· Market vendors have benefitted financially in a meaningful way from Guyanese shopping. Not only do Guyanese shop greens/vegetables in large quantities but we’ve also informed Barbadian vendors about some of the things they grow that there is a ready market for. For example, 23 years ago when I moved here, not a lot of thick leaf callaloo was being sold although it was growing wild and plentiful in many yards. All of that has changed now with many vendors selling callaloo/spinach. Barbadians only use the word, spinach.

· Tripe was never an item you could purchase at the meat markets, but you would see small packages of imported tripe in supermarkets. Guyanese taught the Bajan meat butchers how to treat and prepare tripe; before, that part of the animal was thrown away. Today, tripe carries a premium price at the market.

· When in season, one could get breadnuts to buy but again, thanks to Guyanese, Bajans with the tree learnt when to pick the vegetable when green to be sold as katahar.

· There have been many times when shopping for karaila that I have been asked by Barbadians, how to prepare it. Understandably they complain about the bitterness, I’d explain about salting the karaila and then wringing it dry to remove most of the bitterness but that sounds like a lot of work so they would laugh and shake their heads. Then I would tell them that it is good to help regulate blood sugar levels, that gets some attention. I recommend removing the seeds, chopping, and blending with a little water, straining, and drinking a snap glass. Still too bitter for many, I think.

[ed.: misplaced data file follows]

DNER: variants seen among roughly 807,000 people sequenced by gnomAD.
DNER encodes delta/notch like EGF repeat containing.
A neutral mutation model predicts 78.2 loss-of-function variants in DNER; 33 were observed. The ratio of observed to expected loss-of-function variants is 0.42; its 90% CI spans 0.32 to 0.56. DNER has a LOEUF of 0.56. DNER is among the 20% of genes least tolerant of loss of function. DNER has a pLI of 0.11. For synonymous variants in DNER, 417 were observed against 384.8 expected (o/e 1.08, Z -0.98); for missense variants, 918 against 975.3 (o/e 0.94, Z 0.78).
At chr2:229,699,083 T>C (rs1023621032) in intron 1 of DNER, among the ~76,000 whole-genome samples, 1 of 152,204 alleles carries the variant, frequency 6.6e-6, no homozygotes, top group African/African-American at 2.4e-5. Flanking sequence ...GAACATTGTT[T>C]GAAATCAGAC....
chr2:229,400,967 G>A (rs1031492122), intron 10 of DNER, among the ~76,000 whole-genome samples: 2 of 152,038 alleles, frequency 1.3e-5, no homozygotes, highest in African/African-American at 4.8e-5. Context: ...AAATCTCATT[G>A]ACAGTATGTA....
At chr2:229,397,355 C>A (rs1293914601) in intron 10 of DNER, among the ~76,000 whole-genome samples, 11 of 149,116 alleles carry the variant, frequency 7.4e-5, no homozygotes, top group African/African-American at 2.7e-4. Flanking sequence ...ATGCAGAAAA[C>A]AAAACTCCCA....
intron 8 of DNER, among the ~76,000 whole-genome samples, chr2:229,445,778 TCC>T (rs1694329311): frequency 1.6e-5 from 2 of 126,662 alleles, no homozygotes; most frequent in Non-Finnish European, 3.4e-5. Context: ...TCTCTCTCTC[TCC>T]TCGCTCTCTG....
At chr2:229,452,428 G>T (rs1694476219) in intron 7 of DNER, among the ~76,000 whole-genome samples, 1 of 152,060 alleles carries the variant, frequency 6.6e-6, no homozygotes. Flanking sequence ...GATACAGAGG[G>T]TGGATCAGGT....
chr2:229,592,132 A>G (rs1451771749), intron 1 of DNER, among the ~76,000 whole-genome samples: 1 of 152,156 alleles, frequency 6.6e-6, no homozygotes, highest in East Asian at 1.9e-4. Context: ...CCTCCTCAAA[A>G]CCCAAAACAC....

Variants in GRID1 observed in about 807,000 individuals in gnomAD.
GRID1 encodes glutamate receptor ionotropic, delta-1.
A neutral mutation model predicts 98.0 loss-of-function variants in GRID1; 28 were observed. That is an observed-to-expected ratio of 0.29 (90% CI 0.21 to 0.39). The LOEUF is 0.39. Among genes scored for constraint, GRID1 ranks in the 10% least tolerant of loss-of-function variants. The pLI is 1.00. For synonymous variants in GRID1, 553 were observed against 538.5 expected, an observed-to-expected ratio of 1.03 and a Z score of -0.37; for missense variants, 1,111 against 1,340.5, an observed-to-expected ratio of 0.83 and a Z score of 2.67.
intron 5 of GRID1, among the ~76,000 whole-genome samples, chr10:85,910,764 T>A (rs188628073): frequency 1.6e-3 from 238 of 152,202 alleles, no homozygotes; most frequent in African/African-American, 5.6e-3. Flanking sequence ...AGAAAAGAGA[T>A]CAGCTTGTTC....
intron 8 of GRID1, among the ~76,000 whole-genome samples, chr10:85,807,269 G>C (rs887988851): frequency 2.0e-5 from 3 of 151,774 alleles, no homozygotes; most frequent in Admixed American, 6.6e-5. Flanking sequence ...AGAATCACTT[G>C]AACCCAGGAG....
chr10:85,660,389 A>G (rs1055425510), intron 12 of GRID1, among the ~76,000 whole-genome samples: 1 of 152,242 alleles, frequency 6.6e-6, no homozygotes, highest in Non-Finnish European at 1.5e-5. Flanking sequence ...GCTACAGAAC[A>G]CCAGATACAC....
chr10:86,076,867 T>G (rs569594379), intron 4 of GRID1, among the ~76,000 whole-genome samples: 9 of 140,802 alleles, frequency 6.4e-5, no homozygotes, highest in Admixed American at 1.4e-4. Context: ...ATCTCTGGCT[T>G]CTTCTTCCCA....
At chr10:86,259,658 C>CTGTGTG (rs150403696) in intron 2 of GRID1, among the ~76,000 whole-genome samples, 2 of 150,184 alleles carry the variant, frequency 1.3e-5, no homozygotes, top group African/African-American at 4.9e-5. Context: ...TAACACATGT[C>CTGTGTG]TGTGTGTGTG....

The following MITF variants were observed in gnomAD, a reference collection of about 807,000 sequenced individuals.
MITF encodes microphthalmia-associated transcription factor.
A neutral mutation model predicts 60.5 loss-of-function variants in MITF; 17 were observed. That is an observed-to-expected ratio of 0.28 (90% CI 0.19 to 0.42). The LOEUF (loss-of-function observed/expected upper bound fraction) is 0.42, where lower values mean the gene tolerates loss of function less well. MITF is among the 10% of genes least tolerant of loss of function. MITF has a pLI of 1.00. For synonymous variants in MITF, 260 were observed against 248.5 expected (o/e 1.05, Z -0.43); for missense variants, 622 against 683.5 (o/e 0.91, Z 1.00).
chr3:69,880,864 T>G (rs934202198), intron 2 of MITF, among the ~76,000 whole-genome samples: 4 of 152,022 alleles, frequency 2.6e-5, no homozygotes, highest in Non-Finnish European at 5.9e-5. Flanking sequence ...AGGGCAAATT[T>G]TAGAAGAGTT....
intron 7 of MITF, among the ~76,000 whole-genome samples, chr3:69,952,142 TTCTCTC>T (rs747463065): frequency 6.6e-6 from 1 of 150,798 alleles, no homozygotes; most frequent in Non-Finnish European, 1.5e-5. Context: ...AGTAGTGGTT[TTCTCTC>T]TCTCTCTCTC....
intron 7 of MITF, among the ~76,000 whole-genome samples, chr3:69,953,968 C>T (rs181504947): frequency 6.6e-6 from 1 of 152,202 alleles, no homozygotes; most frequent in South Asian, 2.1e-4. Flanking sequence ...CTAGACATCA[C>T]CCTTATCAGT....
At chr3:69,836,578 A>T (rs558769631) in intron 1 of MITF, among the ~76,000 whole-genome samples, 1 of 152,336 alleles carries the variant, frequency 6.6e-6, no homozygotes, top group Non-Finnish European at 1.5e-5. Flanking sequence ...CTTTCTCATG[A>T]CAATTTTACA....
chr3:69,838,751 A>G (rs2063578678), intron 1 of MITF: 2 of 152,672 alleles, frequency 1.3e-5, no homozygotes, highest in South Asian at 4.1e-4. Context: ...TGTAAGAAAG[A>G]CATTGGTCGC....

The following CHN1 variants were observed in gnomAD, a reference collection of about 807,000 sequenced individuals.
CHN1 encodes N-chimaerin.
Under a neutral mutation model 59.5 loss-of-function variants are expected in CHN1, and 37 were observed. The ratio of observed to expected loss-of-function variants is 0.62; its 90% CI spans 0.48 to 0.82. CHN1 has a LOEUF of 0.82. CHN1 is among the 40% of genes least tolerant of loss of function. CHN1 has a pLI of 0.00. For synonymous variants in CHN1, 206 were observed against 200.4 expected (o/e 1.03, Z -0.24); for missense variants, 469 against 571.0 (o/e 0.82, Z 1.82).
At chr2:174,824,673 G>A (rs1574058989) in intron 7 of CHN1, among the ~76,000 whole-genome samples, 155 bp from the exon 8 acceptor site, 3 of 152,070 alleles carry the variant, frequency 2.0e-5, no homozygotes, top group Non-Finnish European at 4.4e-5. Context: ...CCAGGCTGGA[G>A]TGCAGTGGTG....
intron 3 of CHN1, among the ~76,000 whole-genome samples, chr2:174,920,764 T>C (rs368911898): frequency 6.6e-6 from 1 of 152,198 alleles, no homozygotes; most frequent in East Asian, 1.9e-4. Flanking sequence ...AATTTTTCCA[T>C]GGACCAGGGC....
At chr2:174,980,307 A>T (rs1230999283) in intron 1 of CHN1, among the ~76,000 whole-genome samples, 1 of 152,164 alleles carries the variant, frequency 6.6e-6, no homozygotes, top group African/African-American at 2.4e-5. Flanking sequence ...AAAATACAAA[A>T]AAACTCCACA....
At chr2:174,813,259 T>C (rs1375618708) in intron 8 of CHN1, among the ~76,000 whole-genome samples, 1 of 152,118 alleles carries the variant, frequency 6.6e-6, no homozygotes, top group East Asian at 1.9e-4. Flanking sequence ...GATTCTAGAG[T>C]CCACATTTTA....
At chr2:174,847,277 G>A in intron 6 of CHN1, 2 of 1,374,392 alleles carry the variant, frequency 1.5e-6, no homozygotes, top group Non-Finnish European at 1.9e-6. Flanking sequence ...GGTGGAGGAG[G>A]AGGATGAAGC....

· Green plantains was not an item you could find readily in Barbados at the markets or supermarkets, but you could find lots of turning and ripe plantains. I know that I am among one of the many Guyanese who used to ask about green plantains. These days, you can find green plantains at the market but still not as much as you can find turning and ripe plantains. Just a few weeks ago a Barbadian vendor from whom I bought some green plantains asked me how to cook green plantains. I told her about adding it to soups just as she would any ground provision, making a boil and fry, frying and pounding it and also how to make plantain foo-foo.

· Now we (Guyanese) draw the line at certain things – Mauby and Souse. Guyanese have stated without apology that Bajan souse is a pickle and not souse (even though souse is essentially a pickle) LOL. The Bajan souse is good but different from our souse. Guyanese souse has a lot more flavour and seasoning and includes the “secret ingredient” – a little of the cooking liquid that adds body and flavour to souse. Barbadian souse is generally a lime juice pickle of cucumbers and parsley with a hint of hot peppers that is mixed with cooked meats such as pork knuckle, pig trotters, pork meat itself and then there is Chicken-foot souse. I think one of the reasons that Guyanese scoff at it being only a pickle is because most of the time the meats and pickling mixture are not given enough time to sit and soak up the juices.

· Beautiful barks of Mauby can be found readily but most of the Mauby made and drunk here derives from a very thick, super sweet Mauby syrup, redolent with cinnamon that has been diluted with water. As you know, we like our Mauby brewed and set for 2 to 3 days to ripen and develop that unique, rich, one-of-a-kind flavour, balanced with a deft handling of the spices that finishes with a sophisticated hint to bitterness.

Let’s hope that the politicians will action their words on food security and nutrition.

Cynthia – cynthia@tasteslikehome.org… 

Website: https://www.tasteslikehome.org/

Stabroek News – February 19, 2022
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Comments

  • Uncle Francis  On 03/02/2022 at 9:27 pm

    So happy to see you back and bouncing, Sister Cynthia.